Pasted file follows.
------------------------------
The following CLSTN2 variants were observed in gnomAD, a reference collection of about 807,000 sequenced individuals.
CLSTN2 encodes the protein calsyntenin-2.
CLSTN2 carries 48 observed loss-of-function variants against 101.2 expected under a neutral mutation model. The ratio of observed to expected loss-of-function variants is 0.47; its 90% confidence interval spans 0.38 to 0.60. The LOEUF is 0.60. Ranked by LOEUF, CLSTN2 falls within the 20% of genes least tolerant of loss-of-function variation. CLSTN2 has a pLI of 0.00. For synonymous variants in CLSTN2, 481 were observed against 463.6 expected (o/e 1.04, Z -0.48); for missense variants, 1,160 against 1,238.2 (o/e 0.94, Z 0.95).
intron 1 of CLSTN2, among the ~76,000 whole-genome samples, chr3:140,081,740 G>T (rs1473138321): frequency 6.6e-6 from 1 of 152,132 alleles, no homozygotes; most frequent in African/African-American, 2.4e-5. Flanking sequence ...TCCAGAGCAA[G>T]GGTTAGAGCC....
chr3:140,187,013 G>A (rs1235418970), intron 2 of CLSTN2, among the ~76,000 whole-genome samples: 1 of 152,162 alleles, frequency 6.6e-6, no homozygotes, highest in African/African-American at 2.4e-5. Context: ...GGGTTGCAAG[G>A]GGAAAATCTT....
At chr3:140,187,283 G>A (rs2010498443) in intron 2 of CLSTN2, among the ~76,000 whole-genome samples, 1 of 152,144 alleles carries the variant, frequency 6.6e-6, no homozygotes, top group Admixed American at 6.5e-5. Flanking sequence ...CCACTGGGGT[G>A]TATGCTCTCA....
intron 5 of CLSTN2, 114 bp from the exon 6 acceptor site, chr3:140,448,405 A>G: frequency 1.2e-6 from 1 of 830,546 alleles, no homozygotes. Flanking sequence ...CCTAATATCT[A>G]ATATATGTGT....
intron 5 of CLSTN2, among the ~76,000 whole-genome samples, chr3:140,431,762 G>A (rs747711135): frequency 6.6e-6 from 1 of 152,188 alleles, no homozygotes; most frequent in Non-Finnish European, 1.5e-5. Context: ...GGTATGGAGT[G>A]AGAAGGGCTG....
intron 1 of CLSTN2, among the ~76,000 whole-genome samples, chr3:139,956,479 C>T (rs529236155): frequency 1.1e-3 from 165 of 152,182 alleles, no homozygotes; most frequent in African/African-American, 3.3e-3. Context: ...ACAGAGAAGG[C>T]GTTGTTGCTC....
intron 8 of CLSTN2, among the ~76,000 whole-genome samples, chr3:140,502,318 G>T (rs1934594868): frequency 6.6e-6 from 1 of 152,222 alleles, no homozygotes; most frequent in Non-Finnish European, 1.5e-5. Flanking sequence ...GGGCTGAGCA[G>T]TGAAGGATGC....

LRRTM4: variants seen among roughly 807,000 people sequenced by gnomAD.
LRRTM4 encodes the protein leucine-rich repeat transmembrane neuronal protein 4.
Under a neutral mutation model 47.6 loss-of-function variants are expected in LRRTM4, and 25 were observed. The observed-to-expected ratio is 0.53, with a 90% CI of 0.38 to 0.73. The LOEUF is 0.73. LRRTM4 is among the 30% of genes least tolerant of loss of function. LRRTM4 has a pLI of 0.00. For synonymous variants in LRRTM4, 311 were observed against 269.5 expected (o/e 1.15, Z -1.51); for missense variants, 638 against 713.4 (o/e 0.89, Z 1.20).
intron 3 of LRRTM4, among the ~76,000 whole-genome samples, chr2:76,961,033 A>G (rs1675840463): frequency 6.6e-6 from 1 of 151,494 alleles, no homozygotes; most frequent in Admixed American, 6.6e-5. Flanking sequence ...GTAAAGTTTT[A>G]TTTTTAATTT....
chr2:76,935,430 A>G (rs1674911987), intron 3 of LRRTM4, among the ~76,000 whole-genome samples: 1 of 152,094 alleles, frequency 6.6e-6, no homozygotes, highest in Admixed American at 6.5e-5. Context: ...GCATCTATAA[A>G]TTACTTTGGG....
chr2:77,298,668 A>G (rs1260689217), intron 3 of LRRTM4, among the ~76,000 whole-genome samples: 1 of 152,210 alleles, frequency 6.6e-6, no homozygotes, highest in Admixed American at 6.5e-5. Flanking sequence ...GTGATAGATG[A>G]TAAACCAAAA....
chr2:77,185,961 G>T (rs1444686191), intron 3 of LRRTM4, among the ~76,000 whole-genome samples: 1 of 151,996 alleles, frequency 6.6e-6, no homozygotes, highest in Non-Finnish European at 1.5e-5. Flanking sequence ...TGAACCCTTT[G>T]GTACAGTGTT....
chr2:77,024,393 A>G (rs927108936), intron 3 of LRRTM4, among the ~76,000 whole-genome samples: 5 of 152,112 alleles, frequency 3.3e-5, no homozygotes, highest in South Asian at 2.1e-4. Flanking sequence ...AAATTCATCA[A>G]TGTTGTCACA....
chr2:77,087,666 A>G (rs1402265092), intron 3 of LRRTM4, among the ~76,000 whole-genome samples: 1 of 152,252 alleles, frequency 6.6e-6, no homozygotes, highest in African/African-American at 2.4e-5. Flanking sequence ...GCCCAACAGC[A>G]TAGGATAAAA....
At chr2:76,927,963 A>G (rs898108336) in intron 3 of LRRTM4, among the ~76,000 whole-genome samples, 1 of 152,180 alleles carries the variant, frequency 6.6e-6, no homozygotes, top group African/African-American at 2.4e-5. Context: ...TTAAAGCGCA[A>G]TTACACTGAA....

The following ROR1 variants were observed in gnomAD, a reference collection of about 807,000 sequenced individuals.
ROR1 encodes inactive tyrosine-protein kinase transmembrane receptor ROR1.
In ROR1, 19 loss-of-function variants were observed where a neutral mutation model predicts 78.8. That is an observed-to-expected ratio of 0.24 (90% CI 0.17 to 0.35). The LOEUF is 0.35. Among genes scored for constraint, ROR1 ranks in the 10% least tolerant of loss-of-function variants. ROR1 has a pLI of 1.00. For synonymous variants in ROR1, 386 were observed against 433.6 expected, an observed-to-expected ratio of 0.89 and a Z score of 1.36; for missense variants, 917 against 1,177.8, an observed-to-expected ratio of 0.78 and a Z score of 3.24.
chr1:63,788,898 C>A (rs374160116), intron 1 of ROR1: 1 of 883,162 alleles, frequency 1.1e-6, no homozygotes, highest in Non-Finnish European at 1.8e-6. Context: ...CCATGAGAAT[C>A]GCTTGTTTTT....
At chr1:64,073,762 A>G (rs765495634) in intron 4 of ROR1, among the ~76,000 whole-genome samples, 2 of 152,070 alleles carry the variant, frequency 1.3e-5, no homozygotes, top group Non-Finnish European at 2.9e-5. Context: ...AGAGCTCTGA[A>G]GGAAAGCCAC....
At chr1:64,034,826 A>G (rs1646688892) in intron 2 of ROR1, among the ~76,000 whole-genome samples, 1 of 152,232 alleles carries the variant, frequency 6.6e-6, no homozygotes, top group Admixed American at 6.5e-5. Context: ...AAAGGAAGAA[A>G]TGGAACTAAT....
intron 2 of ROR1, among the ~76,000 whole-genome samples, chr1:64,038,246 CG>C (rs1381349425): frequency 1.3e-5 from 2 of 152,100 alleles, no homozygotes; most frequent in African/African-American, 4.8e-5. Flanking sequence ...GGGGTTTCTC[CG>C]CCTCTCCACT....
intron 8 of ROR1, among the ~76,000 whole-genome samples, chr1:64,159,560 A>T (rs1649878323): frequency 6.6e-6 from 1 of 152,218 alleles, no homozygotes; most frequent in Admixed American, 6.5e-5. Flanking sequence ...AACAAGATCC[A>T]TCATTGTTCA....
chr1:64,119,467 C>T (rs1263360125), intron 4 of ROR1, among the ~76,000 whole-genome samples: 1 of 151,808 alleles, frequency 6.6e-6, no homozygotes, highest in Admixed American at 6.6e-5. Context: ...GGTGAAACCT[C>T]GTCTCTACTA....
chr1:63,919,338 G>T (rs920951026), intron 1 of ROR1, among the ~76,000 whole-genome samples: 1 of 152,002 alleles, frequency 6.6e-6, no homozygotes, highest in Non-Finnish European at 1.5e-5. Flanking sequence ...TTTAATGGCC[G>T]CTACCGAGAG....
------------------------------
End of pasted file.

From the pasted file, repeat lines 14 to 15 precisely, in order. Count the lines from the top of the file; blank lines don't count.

intron 3 of LRRTM4, among the ~76,000 whole-genome samples, chr2:76,961,033 A>G (rs1675840463): frequency 6.6e-6 from 1 of 151,494 alleles, no homozygotes; most frequent in Admixed American, 6.6e-5. Flanking sequence ...GTAAAGTTTT[A>G]TTTTTAATTT....
chr2:76,935,430 A>G (rs1674911987), intron 3 of LRRTM4, among the ~76,000 whole-genome samples: 1 of 152,094 alleles, frequency 6.6e-6, no homozygotes, highest in Admixed American at 6.5e-5. Context: ...GCATCTATAA[A>G]TTACTTTGGG....